Diffuse optical imaging of the neonatal brain

Detecting brain injury that can lead to cerebral palsy in the newborn remains a significant challenge.  In the Evelyn Perinatal Imaging Centre (Rosie Hospital, Cambridge University Hospitals NHS Foundation Trust), researchers are developing diffuse optical imaging (DOI) techniques to measure in vivo haemodynamic correlates to neural function in the newborn brain  [1].  DOI uses multiple optical fibre bundles that emit and detect light in the near-infrared spectrum and these are attached to a cap that is placed on the subject’s head to acquire data.  This technique is advantageous in the infant population, as it is portable and can be used in the neonatal intensive care unit at the cot-side providing a potentially clinically useful prognostic neuroimaging tool.  Potential clinical uses for DOI include investigating functional connectivity [2] or functional activation [3].  We have also combined DOI with EEG simultaneously to investigate the relationship between neural activity and cerebral blood flow (neurovascular coupling) in pathological states such as hypoxic-ischaemic brain injury [4].  With a newly installed MRI in the imaging centre, there is potential to also combine DOI with MRI to provide a more comprehensive picture of brain structure and function in infants.

Raw DOI data is subject to multiple offline signal processing steps including motion artefact correction and consideration of non-cerebral systemic physiological noise [5].  To reconstruct images, structural information is required by either the subject’s own anatomical MRI image, or an anatomical atlas.  One approach to solving the forward model is to spatially register the location of the DOI optical fibre bundles on the head to the anatomical model producing a finite element mesh.  A multispectral linear reconstruction approach can be used to solve the inverse problem to reconstruct DOI images.  The steps in signal processing can vary among research groups and have potential to be optimised to produce more accurate high quality images of haemodynamic activity.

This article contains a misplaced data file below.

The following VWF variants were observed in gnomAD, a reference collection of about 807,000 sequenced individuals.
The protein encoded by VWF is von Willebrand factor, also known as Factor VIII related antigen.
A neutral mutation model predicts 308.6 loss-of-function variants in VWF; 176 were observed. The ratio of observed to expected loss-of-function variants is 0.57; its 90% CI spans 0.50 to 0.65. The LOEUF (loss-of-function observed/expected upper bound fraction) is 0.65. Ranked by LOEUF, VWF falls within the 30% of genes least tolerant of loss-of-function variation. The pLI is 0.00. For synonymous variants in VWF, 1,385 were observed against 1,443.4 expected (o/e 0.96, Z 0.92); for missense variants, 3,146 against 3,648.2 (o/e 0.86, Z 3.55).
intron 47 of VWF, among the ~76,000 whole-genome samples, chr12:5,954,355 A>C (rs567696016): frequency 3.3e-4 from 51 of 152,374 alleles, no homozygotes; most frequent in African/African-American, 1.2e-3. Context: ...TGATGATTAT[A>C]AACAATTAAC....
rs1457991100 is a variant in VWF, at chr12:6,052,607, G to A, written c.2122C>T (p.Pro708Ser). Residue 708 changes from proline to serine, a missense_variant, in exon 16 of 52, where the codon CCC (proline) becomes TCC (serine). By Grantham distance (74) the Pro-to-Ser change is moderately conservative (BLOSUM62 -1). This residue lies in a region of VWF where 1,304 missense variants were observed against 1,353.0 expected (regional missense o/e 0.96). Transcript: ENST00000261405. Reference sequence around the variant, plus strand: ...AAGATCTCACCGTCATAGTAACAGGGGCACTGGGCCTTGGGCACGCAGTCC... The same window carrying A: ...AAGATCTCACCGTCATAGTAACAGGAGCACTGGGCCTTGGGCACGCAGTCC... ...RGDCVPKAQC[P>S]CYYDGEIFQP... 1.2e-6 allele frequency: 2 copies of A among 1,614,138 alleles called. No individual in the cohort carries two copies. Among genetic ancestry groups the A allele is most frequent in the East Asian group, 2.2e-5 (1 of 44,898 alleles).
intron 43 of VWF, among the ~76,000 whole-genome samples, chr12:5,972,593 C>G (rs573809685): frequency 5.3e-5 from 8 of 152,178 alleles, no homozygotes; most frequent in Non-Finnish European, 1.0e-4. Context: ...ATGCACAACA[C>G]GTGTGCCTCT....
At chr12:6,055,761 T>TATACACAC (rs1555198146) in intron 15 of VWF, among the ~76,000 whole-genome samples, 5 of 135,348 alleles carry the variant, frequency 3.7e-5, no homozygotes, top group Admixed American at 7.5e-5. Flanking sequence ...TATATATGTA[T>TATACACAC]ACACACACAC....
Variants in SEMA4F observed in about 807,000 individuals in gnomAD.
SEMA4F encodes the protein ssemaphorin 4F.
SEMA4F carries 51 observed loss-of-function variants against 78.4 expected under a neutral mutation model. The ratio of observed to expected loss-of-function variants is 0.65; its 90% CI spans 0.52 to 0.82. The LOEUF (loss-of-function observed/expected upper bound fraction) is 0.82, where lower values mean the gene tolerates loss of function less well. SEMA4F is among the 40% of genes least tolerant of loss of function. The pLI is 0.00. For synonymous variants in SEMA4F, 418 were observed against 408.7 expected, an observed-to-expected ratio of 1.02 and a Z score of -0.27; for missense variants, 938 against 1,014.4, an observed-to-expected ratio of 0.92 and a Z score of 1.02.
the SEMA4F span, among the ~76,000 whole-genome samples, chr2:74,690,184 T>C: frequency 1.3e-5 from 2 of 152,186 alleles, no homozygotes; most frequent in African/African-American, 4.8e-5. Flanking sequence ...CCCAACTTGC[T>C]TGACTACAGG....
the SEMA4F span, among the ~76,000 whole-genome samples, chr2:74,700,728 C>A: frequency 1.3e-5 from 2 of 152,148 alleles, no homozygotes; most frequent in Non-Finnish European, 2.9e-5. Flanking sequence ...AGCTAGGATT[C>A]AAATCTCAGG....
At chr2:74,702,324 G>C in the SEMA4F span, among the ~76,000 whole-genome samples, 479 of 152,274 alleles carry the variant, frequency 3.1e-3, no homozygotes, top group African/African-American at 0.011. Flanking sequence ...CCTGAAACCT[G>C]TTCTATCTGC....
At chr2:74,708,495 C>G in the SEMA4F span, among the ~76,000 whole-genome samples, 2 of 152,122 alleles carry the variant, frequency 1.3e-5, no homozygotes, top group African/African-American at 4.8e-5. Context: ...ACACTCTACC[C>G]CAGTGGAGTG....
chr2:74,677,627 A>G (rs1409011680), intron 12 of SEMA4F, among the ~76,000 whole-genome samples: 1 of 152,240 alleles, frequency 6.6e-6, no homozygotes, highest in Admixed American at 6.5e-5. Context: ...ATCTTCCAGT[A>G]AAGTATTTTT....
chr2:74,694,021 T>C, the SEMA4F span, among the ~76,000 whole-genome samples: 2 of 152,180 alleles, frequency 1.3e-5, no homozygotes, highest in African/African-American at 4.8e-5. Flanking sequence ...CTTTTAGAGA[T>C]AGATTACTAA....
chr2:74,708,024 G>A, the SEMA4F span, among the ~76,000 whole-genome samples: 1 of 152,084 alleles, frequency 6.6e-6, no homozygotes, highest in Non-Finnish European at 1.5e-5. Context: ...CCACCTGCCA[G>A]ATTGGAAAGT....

As DOI is an emerging research tool, there is no gold standard approach to statistical inference of DOI images.  Most approaches have been adopted from fMRI including the general linear mixed effect model for modelling functional activation, and seed-based analysis or independent component analysis to investigate functional connectivity [6].  With multi-modal data such as combining DOI with EEG or MRI, this will create further mathematical and statistical challenges before DOI can be used to provide clinically useful biomarkers of brain injury for clinicians.

[1] https://neolabresearch.com/

[2] Ferradal SL, Liao SM, Eggebrecht AT, Shimony JS, Inder TE, Culver JP, Smyser CD. 2016. Functional Imaging of the Developing Brain at the Bedside Using Diffuse Optical Tomography. Cereb Cortex 26:1558-1568.

[3] Liao SM, Ferradal SL, White BR, Gregg N, Inder TE, Culver JP. 2012. High-density diffuse optical tomography of term infant visual cortex in the nursery. J Biomed Opt 17:081414.

[4] Singh H, Cooper RJ, Wai Lee C, Dempsey L, Edwards A, Brigadoi S, Airantzis D, Everdell N, Michell A, Holder D, Hebden JC, Austin T. 2014. Mapping cortical haemodynamics during neonatal seizures using diffuse optical tomography: A case study. Neuroimage Clin 5:256-265.

[5] Scholkmann F, Kleiser S, Metz AJ, Zimmermann R, Pavia JM, Wolf U, Wolf M. 2014. A review on continuous wave functional near-infrared spectroscopy and imaging instrumentation and methodology. NeuroImage 85:6–27

[6] Tak S, Ye JC. 2013. Statistical analysis of fNIRS data: A comprehensive review. NeuroImage 85:72-91

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